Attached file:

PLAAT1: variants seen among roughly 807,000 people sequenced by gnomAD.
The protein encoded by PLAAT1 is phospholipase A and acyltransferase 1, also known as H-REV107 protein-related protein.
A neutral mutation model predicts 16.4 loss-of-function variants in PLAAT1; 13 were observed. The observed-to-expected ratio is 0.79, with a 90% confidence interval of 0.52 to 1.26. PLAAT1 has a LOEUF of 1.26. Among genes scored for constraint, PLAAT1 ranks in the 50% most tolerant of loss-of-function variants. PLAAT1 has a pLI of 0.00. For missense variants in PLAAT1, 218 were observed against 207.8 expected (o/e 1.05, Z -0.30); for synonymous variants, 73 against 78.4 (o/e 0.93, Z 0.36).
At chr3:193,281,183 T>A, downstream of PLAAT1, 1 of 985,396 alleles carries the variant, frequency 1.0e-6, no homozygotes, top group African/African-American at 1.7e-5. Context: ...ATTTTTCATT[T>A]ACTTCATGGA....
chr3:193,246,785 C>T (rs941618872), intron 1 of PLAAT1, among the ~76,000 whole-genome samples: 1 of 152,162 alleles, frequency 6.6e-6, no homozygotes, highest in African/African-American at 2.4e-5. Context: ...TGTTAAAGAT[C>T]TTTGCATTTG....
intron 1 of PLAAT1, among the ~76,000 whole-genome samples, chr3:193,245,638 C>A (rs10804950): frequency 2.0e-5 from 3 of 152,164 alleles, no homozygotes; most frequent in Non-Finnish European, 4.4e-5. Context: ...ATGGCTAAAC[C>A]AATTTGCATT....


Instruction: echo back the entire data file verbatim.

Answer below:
PLAAT1: variants seen among roughly 807,000 people sequenced by gnomAD.
The protein encoded by PLAAT1 is phospholipase A and acyltransferase 1, also known as H-REV107 protein-related protein.
A neutral mutation model predicts 16.4 loss-of-function variants in PLAAT1; 13 were observed. The observed-to-expected ratio is 0.79, with a 90% confidence interval of 0.52 to 1.26. PLAAT1 has a LOEUF of 1.26. Among genes scored for constraint, PLAAT1 ranks in the 50% most tolerant of loss-of-function variants. PLAAT1 has a pLI of 0.00. For missense variants in PLAAT1, 218 were observed against 207.8 expected (o/e 1.05, Z -0.30); for synonymous variants, 73 against 78.4 (o/e 0.93, Z 0.36).
At chr3:193,281,183 T>A, downstream of PLAAT1, 1 of 985,396 alleles carries the variant, frequency 1.0e-6, no homozygotes, top group African/African-American at 1.7e-5. Context: ...ATTTTTCATT[T>A]ACTTCATGGA....
chr3:193,246,785 C>T (rs941618872), intron 1 of PLAAT1, among the ~76,000 whole-genome samples: 1 of 152,162 alleles, frequency 6.6e-6, no homozygotes, highest in African/African-American at 2.4e-5. Context: ...TGTTAAAGAT[C>T]TTTGCATTTG....
intron 1 of PLAAT1, among the ~76,000 whole-genome samples, chr3:193,245,638 C>A (rs10804950): frequency 2.0e-5 from 3 of 152,164 alleles, no homozygotes; most frequent in Non-Finnish European, 4.4e-5. Context: ...ATGGCTAAAC[C>A]AATTTGCATT....